Page 19

Lifestyle continued overwhelmed? Consider asking for help from family and friends. Or consider hiring a professional. The money you invest for the services of an organizer will come back to you many times over. Remember, you’re worth it! Sources: World Watch Institute, United Nations Development Program, Bread for the World, Our Ecological Footprint, State of the World’s Children 2005 (Unicef), US Census Bureau. Diane Luck is a personal organizer in Portland. For more info visit http://dianeluck.com

Building Live Well in Less than 1,000 Square Feet By Carol Venolia

Welcome to the world of authentic, fresh, localvore publishing.

Early May, August, November and February.

541.374.5454

susan@greenlivingjournal.com

GreenLivingPDX.com

A Practical Journal for Friends of the Environment

Columbia River PDX c Green Living Journal d No. 12 Spring 2011

19

www.greenlivingpdx.com

During the past 60 years, the size of American homes has exploded, but the trend is now moving in the opposite direction, proving once more that bigger isn’t always better. In 1950 the average American home size was 983 square feet; by 2009 the average home was 2,343 square feet — even as family size shrank. Finally, it appears people are rethinking housing size. In 2010, aver“ “ age home size is down 9 percent, and many comPublished Quarterly by Season: munities — such Summer, Fall, Winter & Spring. Deadlines: as California’s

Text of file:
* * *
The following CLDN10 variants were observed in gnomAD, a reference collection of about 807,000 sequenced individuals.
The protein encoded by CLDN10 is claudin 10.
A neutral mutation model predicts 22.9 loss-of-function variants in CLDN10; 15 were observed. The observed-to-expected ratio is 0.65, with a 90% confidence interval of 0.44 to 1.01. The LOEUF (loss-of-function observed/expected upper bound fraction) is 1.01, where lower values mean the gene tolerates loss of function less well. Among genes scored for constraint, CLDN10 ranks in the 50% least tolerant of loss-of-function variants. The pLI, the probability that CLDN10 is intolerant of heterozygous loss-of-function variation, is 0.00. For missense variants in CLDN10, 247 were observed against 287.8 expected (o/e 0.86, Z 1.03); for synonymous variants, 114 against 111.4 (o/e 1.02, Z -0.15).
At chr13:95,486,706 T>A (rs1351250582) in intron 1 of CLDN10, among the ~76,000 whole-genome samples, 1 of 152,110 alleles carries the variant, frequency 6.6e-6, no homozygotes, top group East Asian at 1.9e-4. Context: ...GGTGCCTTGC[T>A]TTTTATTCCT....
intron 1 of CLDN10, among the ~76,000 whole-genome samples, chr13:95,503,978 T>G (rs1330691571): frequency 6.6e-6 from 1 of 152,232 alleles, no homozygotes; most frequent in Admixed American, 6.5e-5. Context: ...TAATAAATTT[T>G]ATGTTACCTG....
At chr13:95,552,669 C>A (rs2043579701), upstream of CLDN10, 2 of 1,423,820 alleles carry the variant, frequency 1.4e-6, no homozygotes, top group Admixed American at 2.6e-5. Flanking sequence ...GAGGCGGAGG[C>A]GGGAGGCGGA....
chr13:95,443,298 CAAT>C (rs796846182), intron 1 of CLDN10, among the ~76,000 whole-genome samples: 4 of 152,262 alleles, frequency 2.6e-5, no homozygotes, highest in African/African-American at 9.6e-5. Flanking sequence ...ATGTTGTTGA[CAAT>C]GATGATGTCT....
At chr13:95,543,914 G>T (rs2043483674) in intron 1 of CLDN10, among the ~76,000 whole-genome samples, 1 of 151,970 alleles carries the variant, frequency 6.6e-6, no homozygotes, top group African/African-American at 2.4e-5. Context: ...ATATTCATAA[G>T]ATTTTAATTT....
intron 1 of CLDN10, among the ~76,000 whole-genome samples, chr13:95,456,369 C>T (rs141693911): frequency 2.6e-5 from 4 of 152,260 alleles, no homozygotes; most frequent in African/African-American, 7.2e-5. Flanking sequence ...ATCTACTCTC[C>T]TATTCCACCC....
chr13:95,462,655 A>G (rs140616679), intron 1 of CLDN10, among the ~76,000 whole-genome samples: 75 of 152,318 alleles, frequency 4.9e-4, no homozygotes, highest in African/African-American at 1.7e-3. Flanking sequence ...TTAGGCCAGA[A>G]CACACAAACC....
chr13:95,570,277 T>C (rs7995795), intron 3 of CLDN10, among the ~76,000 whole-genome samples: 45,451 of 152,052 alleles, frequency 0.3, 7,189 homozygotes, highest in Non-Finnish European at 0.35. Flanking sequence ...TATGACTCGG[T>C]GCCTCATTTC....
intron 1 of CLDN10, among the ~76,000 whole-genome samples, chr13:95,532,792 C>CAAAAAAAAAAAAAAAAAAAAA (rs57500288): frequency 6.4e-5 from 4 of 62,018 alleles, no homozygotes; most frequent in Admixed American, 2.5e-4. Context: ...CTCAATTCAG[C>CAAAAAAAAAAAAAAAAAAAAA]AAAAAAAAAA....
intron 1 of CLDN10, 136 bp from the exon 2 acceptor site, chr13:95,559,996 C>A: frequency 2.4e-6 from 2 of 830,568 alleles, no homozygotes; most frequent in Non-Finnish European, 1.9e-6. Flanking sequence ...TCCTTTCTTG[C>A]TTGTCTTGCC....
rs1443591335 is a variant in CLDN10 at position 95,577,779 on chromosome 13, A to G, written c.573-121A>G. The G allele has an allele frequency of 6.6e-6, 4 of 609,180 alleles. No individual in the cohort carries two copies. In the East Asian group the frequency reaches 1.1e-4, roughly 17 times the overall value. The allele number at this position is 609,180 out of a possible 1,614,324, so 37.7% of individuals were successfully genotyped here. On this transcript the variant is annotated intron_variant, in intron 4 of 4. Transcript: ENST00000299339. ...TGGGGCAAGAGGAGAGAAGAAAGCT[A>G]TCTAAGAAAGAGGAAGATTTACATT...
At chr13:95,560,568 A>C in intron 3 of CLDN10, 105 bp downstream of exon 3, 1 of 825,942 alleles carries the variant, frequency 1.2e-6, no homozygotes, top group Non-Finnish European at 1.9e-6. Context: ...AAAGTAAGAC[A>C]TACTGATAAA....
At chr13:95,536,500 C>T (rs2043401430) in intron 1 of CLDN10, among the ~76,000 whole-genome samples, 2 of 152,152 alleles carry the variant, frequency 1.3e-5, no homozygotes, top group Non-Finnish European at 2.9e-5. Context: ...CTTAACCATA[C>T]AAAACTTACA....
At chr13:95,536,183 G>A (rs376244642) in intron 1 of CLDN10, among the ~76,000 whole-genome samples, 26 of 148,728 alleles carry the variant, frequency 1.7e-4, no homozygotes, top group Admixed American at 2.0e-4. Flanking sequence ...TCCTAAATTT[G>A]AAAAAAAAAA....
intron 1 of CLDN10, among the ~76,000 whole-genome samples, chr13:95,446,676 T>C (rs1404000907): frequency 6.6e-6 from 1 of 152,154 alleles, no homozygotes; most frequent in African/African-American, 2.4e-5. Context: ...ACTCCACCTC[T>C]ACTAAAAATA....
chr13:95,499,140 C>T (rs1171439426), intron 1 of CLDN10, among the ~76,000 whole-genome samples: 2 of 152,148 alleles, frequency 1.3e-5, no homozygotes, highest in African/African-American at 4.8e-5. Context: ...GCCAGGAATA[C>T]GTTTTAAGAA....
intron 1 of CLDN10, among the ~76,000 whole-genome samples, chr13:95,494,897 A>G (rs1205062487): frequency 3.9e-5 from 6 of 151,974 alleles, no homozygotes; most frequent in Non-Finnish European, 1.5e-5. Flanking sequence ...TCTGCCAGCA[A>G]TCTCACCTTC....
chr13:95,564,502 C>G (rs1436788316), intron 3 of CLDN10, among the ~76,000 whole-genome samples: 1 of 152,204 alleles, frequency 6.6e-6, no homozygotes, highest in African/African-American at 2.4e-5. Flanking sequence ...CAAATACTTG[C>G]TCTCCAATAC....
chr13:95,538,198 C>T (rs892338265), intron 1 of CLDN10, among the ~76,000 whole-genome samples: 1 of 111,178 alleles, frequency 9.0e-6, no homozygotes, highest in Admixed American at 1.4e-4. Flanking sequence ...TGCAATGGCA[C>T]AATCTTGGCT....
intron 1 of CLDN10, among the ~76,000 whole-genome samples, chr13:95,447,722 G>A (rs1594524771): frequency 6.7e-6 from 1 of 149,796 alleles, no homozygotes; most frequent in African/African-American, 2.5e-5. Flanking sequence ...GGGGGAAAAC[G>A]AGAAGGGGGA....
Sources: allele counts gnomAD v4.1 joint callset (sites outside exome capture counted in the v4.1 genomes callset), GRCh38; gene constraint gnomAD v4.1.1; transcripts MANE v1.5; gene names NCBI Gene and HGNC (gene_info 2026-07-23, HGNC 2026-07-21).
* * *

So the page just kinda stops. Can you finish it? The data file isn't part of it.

Marin County and Georgia’s DeKalbe County — have enacted laws limiting new home size. A moment’s thought yields a multitude of reasons to consider living in less than 1,000 square feet. Smaller homes generally cost less and require less maintenance than larger ones. A small house consumes fewer natural resources in construction and requires less energy for heating and cooling. But perhaps the most compelling reason for going small is that it feels good. People who live in small, welldesigned houses say their homes feel cozier, and they love having everything they need within reach. Design makes all the difference. A poorly designed 900-square-foot house can feel smaller than a well-designed 400-square-foot house. Homes feel cramped when they have small, dark rooms and insufficient storage space. Welldesigned small spaces feel open, efficient and cozy. As architect and small-space specialist Henry Yorke Mann proves in his homes, living in a cozy space doesn’t mean sacrificing convenience or livability. “You don’t want to get too mean about things,” he said.

Green Living Journal PDX Spring #12  

A Practical Journal for Friends of the Environment. Small Houses, National Bike System, Warre Bee Hive, Organic Manifesto, Credit Unions, Bu...

Green Living Journal PDX Spring #12  

A Practical Journal for Friends of the Environment. Small Houses, National Bike System, Warre Bee Hive, Organic Manifesto, Credit Unions, Bu...

Advertisement